Embattled Art League wipes out $100,000 debt after funding blitz

Quentin Roux Staff
 Artist Inez Hudson wields a more functional brush than normal as she takes a turn with the symbolic 'whiting out' of the Art League of Marco Island's successful $100,000 debt reduction, announced Thursday evening at a function. Looking on is League president Nancy Carrington.

Photo by qr

Quentin Roux Staff Artist Inez Hudson wields a more functional brush than normal as she takes a turn with the symbolic "whiting out" of the Art League of Marco Island's successful $100,000 debt reduction, announced Thursday evening at a function. Looking on is League president Nancy Carrington.

Quentin Roux Staff
Art League board members and volunteers cheer the 'whiting out' of the debt on an outside mural.

Photo by qr

Quentin Roux Staff Art League board members and volunteers cheer the "whiting out" of the debt on an outside mural.

An aggressive debt reduction strategy has placed Marco Island’s Art League in a position to get back on its fiscal feet.

Wiping out $100,000 in debt well within an allocated 242-day goal period has, according to executive director Christine Neal, “achieved a major step in ensuring the Art League’s future.”

It took just 158 days to kill an exhausted $100,000 line of credit, largely through the solicitation of private, business and corporate sponsorships.

The announcement was made Thursday evening at a press conference at the Art League building, eliciting cheers from group of about 20 people comprised mainly of board members and volunteers.

The debt reduction, which Neal said would culminate in zero dollars owed after June 1 when all pledges are honored, is a result of a campaign called Project Rescue. It was spearheaded by prolific Marco volunteer and civic figure Dave Rice.

It began Nov. 1, as a two-phase project, the first of which was fundraising followed by the establishment of a reserve fund that now has a head start, according to Rice.

Phase two aims at the development and implementation of a new business model, and to continue building the reserve fund to ensure the organization’s future. It has been in place since January, and committee members have been conducting brainstorming sessions to identify the organization’s opportunities and challenges, according to Rice.

The new business model is scheduled to be implemented no later than Oct. 1.

Rice paid tribute to the “efforts, time, commitment, dedication and passion” put forth by Neal, as well as board members Kathy Anderson, Nancy Carrington, David Caruso, Maury Dailey, Keith Dameron, John Dougherty, Sandy Elliott, Inez Hudson, Carole Roberts and Kenneth Stroud.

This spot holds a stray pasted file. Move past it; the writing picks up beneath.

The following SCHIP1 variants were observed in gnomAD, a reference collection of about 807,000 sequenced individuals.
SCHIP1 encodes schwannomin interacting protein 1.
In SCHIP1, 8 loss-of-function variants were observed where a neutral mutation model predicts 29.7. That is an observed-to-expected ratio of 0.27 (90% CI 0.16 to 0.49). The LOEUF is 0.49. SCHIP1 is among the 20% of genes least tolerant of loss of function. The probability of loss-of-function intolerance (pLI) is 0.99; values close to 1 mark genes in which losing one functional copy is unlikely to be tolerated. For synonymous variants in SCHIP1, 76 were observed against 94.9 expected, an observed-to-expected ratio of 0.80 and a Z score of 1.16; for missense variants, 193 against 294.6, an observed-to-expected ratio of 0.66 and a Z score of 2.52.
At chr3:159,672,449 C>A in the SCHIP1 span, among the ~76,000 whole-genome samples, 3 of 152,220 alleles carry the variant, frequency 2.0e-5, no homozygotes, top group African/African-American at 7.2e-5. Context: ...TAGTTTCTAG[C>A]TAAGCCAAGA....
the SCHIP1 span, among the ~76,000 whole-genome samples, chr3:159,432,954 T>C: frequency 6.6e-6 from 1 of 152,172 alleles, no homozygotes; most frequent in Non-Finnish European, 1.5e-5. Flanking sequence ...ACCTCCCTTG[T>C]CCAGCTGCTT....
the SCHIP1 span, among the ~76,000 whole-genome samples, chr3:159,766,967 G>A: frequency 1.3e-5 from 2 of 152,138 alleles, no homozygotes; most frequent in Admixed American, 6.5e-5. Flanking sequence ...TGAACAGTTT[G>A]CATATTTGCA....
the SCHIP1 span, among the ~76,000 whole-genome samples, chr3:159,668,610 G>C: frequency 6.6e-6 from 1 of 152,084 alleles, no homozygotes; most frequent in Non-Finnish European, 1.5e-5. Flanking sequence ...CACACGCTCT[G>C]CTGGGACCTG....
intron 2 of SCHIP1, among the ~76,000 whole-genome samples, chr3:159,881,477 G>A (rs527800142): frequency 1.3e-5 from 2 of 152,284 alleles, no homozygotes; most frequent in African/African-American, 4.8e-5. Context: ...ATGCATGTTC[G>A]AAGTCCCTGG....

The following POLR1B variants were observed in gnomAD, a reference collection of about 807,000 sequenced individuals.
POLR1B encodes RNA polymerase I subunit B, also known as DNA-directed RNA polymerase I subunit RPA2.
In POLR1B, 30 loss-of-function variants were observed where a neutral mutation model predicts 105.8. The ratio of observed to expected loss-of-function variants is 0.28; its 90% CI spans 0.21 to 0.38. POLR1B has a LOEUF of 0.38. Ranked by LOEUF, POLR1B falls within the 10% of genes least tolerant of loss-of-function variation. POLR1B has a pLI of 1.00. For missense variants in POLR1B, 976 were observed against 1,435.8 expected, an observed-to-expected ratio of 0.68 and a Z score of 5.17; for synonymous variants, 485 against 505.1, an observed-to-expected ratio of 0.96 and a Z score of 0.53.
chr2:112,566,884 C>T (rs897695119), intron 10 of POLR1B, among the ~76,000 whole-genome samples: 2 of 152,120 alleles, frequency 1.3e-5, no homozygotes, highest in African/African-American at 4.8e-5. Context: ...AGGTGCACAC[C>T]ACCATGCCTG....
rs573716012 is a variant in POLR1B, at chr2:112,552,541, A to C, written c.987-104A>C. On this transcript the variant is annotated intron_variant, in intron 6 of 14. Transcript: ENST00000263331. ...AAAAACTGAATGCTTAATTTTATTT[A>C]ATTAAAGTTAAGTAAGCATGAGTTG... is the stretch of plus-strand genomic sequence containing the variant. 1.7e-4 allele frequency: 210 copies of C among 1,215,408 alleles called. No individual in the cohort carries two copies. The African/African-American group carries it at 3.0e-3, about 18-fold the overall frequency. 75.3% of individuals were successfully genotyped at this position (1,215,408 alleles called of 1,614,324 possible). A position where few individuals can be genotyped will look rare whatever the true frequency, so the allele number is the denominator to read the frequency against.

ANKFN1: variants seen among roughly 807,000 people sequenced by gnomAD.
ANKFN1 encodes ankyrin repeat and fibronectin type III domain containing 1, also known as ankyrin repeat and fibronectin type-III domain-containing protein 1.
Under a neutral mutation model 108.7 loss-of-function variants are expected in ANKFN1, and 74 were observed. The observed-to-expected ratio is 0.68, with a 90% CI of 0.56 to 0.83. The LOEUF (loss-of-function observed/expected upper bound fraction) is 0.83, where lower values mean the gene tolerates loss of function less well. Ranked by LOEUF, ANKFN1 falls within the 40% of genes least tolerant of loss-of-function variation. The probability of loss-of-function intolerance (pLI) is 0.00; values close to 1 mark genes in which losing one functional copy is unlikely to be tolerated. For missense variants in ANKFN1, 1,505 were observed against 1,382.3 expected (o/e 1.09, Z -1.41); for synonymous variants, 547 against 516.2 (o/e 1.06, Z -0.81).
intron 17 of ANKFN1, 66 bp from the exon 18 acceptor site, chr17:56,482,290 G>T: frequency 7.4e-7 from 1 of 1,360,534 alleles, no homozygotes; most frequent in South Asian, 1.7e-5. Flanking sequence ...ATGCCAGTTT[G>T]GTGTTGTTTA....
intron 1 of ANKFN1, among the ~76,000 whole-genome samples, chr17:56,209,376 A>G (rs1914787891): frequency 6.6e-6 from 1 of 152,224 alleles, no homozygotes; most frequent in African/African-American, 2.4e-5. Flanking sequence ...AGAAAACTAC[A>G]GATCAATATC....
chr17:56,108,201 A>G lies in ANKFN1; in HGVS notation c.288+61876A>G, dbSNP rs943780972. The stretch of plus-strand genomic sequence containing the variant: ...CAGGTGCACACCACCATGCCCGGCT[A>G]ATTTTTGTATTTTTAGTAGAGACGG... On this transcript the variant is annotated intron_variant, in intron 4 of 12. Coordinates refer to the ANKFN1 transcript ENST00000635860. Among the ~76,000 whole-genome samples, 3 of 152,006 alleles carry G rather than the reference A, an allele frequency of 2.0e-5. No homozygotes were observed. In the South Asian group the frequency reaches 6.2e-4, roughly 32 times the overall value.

“Also to be remembered for their support are the many volunteers, Art League members, former leaders, businesses and patrons of the arts of Marco,” Rice said. “It confirms my feeling that Marco Islanders will step up when needed in support of keeping culture alive in our city. It was truly a team effort and although the challenge looked insurmountable, it made the success so much more rewarding.”

Neal said an early strategy in the wake of reducing the debt of the League, which has an annual budget of $318,000, will be to reduce summer hours.

The 40-year-old Marco institution has been through a tumultuous year, made more intense by the resignations of Neal — who’ll serve until April 30, and Art League President Keith Klipstein who resigned three weeks ago.

Both resignations were said to be for personal reasons. Neal and her Realtor husband Charlie will head for Michigan to spend time with their family and new grandchild, and Klipstein has said he wants to focus on his real estate career with Keller Williams on Marco Island.

Klipstein served on the board four years and as president nearly two years. Former board secretary Nancy Carrington, owner of Marco Island Florist, accepted the position as interim president, while Neal’s assistant, Linda Henell, was named as interim executive director.

In a recent interview following the announcement of her resignation, Neal said she had in 2008 seen a financial problem and began cutting expenses. “We never thought what is happening to our economy would last so long,” she said at the time. “We learned we don’t have an expense issue — we have an income problem.”

Continued contributions to Project Rescue are encouraged to secure the future of the Art League. Please contact the Art League of Marco Island directly at 394-4221 for information on tax deductible donations.

© 2010 marconews.com. All rights reserved. This material may not be published, broadcast, rewritten or redistributed.

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